Without getting into too much detail, the event heap model proposes that coordination between heterogeneous computational processes be handled by a shared abstraction called a "tuple space." An event might be a notification of a change in state, like a wireless tablet coming into the system's range, or a command to perform some operation; any participating device can write an event to the tuple space, read one out, or copy one from it so that the event in question remains available to other processes.
In this model, events expire after a specified elapse of time, so they're responded to either immediately, or (in the event of a default) not at all. This keeps the heap itself from getting clogged up with unattended-to events, and it also prevents a wayward command from being executed so long after its issuance that the user no longer remembers giving it. Providing for such expiry is a canny move; imagine the volume suddenly jumping on your bedside entertainment system in the middle of the night, five hours after you had told it to.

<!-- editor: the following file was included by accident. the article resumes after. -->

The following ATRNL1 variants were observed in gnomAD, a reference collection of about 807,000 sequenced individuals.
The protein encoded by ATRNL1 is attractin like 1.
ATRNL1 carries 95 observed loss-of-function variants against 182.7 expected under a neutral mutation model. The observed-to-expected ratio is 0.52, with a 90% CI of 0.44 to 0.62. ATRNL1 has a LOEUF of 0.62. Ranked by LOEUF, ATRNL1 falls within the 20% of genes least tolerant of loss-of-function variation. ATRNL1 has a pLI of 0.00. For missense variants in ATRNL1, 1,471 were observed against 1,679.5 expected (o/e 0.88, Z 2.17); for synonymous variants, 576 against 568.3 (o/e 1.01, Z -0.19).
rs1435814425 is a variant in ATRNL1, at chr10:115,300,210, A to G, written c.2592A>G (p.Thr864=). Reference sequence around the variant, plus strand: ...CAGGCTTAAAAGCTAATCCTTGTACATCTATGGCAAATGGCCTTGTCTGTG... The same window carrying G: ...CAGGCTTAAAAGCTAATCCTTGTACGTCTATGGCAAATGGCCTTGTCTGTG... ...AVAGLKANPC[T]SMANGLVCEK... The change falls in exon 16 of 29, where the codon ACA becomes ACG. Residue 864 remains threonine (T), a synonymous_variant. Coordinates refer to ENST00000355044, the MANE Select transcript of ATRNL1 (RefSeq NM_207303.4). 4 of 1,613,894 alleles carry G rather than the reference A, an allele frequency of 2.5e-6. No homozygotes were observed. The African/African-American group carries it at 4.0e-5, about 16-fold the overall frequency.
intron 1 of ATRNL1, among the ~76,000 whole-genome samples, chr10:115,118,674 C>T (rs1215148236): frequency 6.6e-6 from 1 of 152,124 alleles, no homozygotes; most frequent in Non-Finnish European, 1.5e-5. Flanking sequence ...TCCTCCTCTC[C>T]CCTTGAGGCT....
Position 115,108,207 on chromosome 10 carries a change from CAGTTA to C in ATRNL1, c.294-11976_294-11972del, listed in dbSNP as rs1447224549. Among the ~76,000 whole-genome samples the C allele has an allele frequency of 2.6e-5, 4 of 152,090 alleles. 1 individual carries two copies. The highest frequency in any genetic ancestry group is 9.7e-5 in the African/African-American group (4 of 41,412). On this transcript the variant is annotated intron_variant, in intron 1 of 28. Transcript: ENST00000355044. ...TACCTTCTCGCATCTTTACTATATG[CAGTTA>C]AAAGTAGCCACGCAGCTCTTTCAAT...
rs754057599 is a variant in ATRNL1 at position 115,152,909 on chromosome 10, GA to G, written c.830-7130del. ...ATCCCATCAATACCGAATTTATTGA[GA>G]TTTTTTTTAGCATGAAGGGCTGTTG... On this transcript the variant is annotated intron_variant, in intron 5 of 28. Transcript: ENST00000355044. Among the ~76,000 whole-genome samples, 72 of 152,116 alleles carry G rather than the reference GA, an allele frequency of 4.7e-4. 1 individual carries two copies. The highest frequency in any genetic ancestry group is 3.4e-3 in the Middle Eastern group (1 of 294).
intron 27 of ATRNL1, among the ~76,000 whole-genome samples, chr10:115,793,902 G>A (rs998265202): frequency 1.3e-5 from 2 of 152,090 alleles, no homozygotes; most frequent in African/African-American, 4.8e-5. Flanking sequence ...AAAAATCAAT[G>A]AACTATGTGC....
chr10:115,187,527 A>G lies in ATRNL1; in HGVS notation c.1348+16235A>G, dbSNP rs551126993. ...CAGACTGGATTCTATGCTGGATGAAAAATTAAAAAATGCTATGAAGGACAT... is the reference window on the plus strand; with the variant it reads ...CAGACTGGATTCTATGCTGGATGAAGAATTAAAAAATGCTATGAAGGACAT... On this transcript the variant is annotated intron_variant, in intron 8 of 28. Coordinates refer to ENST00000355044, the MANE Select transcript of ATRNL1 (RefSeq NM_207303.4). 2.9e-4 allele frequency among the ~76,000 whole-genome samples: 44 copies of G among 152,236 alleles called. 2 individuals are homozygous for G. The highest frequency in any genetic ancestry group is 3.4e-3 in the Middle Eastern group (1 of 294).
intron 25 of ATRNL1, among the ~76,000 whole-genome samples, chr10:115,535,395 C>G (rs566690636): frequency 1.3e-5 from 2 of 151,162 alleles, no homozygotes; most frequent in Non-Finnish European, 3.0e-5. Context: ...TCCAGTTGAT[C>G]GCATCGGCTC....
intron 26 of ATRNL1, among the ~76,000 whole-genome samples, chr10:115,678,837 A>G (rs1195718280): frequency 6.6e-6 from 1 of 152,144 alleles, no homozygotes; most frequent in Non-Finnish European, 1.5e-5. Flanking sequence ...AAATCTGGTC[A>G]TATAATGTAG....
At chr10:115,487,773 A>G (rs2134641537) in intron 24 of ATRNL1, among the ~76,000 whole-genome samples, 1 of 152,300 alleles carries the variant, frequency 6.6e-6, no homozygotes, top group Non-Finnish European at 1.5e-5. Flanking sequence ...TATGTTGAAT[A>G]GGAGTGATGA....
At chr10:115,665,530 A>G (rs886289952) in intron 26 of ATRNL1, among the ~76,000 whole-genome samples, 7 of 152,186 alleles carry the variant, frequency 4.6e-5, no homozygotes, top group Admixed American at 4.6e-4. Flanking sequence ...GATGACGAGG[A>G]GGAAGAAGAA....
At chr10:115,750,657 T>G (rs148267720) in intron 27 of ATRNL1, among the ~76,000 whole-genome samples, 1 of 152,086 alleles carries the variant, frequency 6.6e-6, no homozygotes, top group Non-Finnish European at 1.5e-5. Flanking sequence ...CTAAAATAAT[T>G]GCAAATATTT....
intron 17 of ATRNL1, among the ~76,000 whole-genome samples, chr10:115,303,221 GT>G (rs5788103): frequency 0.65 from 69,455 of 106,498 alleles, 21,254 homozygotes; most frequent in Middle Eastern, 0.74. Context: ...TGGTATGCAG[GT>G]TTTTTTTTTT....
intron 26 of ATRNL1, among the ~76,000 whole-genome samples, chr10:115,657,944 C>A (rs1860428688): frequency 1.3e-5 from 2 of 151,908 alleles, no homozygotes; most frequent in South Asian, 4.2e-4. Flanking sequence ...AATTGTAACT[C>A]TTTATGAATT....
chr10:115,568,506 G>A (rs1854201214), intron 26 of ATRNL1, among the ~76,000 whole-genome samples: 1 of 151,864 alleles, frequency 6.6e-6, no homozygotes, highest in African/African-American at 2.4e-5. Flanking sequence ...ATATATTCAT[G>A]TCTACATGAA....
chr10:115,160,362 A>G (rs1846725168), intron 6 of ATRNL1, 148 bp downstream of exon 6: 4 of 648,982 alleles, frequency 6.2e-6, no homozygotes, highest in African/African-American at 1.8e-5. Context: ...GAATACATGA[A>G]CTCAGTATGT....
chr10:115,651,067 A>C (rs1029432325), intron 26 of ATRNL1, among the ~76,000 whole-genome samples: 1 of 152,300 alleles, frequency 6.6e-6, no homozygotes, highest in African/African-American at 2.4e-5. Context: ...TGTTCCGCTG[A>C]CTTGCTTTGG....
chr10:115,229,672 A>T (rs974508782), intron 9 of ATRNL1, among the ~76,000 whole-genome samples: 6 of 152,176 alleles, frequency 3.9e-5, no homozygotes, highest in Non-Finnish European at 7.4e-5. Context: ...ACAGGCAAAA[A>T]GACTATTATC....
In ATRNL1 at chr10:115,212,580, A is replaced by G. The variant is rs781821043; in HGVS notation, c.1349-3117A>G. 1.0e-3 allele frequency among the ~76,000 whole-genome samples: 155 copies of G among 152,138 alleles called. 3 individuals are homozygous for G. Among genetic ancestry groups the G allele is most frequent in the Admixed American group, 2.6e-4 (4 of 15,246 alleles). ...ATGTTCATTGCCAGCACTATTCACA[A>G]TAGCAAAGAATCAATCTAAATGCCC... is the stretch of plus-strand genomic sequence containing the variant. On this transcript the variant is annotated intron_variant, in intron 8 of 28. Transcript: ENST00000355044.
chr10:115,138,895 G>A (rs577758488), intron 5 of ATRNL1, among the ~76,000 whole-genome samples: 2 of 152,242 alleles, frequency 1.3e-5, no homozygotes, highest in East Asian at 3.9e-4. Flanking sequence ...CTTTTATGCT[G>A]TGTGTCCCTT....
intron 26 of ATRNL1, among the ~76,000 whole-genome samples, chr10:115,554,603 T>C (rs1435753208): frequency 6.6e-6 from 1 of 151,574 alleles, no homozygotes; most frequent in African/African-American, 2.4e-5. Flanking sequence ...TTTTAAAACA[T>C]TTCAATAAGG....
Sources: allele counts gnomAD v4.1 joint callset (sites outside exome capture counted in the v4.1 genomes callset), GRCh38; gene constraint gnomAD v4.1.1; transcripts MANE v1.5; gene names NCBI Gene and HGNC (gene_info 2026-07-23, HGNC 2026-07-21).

The original Stanford event heap implementation, called iRoom, successfully coordinated activities among several desktop, laptop, and tablet Windows PCs, a Linux server, Palm OS, and Windows CE handheld devices, multiple projectors, and a room lighting controller. In this environment, moving a pointer from an individual handheld to a shared display was easily achieved, while altering a value in a spreadsheet on a PDA updated a 3D model on a machine across the room. Real-world collaborative work was done in iRoom. It was "robust to failure of individual interactors," and it had been running without problems for a year and a half at the time the paper describing it was published.
It wasn't a perfect solutionthe designers foresaw potential problems emerging around scalability and latencybut iRoom and the event heap model driving it were an important first response to the challenges of multiplicity that the majority of ubiquitous systems will eventually be forced to confront.